Specific roles and functions of restaurants include creating and promoting positive customer relationships by offering quick, courteous and efficient services to all customers and guests in the hotel. In the tourism industry, hospitality and customer service are crucial for the success of any of the hotel departments. For instance, in the restaurants, employees are not just tasked with serving foods and drinks; rather the way this is done determines a lot the growth of the entire hotel industry. Thus, owners of the hotel are very keen when it comes to this department as they know that effective and efficient customer service will enhance the hotel’s profitability as well as reputation (Kandampully & Suhartanto, 2000).

A hotel has the mandate of making sure that the meals offered are ready in time for convenience of all customers. This duty is delegated to the restaurant department to make sure all meals are ready as per the set menu. A well-organized restaurant guarantees a hotel more customers hence earning more profits for the hotel. Given that international hotels have complicated meals which may force enquiries from customers, this is where the restaurant department comes in to answer any raising question as well as giving elaboration wherever need comes in (Mok et al., 2013). 

One of the crucial factors while dealing with customers and guests is the quality of services offered. Restaurant ensures that all customers are served to their satisfactory in order to market the hotel positively. The restaurant being in charge of meals has the role of maintaining high quality hygiene in the serving area as well as the utensils being used and this attracts more customers (Mok et al., 2013).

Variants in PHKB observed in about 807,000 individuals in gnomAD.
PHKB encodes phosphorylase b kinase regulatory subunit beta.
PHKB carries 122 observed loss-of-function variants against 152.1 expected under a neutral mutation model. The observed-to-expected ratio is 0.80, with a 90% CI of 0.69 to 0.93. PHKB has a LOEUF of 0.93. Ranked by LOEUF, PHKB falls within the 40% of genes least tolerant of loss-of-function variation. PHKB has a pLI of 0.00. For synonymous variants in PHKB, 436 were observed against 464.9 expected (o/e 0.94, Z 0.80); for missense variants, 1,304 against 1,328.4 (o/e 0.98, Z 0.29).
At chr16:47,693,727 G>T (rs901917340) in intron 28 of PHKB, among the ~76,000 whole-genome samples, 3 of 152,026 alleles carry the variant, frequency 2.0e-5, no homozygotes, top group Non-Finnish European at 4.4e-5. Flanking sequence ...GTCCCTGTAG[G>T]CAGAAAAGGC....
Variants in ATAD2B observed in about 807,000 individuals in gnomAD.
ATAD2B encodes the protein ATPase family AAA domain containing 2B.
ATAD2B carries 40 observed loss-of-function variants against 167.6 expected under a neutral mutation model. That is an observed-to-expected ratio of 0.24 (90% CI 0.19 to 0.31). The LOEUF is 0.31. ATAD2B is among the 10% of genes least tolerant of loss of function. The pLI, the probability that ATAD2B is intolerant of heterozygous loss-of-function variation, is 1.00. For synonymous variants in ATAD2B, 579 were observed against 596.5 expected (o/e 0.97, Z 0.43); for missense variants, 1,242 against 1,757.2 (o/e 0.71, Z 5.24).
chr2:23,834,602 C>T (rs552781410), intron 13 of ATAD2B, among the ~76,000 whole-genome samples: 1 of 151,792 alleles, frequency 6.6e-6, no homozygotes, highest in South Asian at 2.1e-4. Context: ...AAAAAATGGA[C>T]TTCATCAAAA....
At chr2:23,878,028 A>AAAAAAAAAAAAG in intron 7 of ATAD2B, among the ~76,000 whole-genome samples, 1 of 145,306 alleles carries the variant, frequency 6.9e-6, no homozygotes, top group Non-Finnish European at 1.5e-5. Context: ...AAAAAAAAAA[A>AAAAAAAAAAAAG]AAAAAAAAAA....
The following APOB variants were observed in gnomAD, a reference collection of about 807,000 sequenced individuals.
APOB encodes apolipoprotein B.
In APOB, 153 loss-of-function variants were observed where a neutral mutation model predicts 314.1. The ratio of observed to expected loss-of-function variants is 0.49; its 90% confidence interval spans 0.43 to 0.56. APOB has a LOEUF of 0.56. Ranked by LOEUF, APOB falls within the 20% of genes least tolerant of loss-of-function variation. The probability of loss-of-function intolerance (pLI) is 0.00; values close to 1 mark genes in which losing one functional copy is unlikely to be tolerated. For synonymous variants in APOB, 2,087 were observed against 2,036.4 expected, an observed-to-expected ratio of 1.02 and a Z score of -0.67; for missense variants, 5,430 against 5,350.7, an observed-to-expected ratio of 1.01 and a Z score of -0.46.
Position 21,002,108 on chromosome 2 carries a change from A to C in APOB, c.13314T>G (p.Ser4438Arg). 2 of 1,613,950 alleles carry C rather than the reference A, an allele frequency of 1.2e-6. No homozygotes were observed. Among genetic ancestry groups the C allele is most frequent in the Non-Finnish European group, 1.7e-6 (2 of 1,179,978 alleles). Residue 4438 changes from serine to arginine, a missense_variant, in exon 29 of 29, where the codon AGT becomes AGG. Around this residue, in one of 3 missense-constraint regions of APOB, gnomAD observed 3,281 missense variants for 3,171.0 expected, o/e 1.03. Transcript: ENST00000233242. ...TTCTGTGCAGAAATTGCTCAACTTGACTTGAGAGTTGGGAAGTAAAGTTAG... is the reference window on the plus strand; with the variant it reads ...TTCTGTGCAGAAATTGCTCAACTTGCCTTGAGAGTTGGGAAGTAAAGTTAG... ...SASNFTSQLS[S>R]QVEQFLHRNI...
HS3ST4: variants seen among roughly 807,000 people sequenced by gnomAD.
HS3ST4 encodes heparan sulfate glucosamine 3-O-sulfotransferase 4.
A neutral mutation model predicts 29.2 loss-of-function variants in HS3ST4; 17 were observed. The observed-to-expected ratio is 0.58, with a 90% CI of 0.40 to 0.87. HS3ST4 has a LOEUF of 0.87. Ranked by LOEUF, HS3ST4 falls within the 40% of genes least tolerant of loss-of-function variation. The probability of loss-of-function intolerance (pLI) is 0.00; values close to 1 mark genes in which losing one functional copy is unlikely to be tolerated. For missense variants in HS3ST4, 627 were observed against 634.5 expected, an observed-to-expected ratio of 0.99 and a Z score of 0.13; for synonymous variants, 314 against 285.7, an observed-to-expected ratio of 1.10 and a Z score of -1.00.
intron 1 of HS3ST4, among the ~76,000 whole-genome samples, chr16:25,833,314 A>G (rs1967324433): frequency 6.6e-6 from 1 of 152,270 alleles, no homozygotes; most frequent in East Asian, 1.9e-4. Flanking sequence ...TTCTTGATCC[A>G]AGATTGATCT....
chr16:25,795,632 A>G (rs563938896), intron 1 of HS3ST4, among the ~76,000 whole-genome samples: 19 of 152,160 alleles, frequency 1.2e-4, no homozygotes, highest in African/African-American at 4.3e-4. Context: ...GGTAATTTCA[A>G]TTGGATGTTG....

When customers are through with their meals, restaurant staff makes sure that the tables are cleared and rearranged to create space for more clients and this make the hotel ever clean and welcoming for more customers. Payment of meals and other services offered in a hotel is the key aim of keeping the hotel moving, the restaurant staff being the ones in touch with the customers have a role of following up and making sure clients have cleared their bills before leaving (Kandampully & Suhartanto, 2000).

Key internal and external relationships in the department

In an international hotel setting, the restaurants department is one of the key departments as it ensures that customers and guests are served with food and drinks as required. Without this department, chances are that customers may shy away from such a hotel as what they need most is convenience, with all services being served in one place (Paraskevas, 2001). This department works in conjunction with several other departments such as the kitchen, finance, sales and marketing, the front office, purchases department etc. the restaurant works very closely with the kitchen as the foods served are made in the kitchen. Without the support of the kitchen, there will nothing to serve customers with and this means that the hotel would be in a stand still. The restaurants should always consult the kitchen department as pertains the available foods, so as to ensure that the customer is not inconvenienced. Also, it is the responsibility of the kitchen to ensure that the restaurant department is well informed for effective customer service and experience (Paraskevas, 2001).